The population of Bend quadrupled in under 20 years – from 20,000 to 80,000.
Between 2001 and 2005, the median value of a home in Bend rose by 80%.
By 2005, work was getting underway on 700 new homes each month. Some of the developments are stunning: houses filled with mountain light clinging to craggy hillsides.
Downtown Bend looks like a shrine to post-millenial bijou: pricey shoes, scented candles, fancy coffee. There is even a shop specialising in beachwear – despite Bend’s location in the high desert.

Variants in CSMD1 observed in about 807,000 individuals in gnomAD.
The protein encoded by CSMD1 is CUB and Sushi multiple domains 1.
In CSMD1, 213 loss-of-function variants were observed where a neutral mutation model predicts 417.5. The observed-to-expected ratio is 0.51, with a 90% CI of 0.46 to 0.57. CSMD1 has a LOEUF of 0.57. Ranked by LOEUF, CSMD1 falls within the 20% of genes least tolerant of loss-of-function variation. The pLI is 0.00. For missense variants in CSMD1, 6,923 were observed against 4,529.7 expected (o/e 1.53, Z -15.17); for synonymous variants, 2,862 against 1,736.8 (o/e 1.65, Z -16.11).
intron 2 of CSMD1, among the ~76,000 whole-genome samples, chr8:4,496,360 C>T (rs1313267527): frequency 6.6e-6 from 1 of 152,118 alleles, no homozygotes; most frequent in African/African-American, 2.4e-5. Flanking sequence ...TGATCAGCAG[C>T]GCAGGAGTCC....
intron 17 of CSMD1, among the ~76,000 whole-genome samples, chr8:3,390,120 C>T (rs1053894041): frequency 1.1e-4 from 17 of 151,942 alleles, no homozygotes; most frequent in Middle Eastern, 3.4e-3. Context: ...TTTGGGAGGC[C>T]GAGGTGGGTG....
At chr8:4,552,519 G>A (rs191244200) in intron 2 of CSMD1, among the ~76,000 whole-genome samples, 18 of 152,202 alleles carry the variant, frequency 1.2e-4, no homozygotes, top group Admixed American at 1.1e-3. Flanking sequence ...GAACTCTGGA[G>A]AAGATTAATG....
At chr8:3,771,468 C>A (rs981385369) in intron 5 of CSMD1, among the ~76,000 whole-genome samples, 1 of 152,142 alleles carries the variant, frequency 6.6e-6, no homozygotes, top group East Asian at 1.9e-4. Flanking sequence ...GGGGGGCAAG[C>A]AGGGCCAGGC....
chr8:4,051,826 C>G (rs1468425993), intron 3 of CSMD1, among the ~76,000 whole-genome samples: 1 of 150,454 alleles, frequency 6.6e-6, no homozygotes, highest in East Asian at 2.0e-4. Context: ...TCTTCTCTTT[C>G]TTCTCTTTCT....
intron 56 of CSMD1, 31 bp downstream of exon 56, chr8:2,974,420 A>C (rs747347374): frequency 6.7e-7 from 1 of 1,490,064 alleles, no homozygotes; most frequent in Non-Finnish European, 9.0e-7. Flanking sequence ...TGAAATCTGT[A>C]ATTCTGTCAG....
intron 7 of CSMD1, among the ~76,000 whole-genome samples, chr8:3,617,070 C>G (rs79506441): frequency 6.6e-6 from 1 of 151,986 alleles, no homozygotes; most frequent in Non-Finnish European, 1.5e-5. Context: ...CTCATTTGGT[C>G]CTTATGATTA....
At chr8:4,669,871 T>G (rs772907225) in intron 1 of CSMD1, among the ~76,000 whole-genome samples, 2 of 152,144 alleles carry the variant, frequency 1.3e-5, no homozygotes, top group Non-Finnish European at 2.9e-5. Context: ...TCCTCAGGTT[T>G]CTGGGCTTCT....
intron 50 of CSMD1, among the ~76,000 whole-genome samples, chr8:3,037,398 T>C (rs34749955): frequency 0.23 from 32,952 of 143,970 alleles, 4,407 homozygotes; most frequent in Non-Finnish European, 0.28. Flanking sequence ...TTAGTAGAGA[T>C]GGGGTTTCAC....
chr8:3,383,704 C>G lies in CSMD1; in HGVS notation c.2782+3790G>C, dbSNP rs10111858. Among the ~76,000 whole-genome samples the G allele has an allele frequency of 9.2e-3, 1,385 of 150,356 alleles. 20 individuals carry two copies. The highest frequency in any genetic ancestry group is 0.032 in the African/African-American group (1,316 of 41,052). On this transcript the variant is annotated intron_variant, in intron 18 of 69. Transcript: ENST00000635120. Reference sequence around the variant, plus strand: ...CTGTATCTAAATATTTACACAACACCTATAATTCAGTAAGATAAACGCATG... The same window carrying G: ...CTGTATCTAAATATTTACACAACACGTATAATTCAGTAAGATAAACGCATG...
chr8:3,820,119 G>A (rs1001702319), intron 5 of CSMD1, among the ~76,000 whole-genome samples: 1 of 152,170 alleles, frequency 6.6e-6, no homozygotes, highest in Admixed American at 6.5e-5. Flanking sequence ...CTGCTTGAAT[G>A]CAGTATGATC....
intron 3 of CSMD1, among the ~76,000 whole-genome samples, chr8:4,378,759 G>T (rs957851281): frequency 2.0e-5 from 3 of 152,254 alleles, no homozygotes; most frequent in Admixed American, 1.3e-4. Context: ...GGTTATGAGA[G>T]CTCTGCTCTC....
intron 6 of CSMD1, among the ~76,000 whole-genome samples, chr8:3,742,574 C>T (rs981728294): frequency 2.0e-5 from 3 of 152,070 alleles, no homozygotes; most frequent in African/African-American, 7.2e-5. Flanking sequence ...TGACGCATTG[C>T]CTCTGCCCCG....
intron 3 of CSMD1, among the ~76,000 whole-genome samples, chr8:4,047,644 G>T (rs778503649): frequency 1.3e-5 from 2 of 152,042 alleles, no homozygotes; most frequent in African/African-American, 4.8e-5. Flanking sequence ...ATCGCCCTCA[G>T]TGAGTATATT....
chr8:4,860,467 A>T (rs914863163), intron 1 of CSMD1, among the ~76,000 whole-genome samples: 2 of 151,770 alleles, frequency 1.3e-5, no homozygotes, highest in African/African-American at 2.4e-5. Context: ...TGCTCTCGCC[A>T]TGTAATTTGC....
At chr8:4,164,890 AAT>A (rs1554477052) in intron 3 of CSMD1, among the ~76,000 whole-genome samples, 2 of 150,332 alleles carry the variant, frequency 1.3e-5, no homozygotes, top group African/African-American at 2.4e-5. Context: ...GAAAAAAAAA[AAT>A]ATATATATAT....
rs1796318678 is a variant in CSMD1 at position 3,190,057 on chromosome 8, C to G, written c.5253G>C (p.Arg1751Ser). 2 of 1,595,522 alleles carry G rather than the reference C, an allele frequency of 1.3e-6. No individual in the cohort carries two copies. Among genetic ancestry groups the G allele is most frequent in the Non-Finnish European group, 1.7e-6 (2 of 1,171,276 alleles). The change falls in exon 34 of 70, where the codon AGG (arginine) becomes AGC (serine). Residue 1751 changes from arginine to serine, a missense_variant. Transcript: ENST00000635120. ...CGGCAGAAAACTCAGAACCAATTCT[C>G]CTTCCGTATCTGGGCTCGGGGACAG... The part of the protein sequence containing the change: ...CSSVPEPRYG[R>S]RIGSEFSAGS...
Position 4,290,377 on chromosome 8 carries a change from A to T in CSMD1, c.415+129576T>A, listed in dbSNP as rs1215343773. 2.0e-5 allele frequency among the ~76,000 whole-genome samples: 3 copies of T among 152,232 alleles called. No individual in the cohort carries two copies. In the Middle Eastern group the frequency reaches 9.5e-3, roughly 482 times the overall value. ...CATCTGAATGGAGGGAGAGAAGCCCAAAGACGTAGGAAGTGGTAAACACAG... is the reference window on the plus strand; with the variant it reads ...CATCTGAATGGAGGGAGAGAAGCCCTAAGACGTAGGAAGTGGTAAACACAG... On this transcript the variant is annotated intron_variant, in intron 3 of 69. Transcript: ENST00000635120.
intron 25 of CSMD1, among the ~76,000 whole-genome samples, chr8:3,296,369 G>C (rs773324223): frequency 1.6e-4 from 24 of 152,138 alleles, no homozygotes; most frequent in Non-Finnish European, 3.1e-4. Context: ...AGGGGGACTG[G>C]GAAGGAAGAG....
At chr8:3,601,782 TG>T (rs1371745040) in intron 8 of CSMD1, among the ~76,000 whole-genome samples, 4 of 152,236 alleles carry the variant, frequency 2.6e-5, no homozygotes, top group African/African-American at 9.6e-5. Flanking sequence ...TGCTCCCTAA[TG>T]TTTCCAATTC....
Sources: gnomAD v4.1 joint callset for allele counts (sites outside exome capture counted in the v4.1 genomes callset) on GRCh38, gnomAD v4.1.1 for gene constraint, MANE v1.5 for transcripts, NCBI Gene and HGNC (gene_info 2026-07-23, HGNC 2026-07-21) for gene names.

But when the US slumped, Bend crashed. The value of a home fell 40% in under two years.
And unemployment nearly quadrupled from around 4% two years ago to 15% in the summer of 2009.
“Everything that Bend produced relied on the credit market”, says Carolyn Eagan, an economist with the Oregon Department of Employment.
My former colleagues at Virginia Tech, Rob Lang and Jennifer Lefurgy, examined the Boomburg phenomenon in their excellent book: Boomburbs: The Rise of America’s Accidental Cities.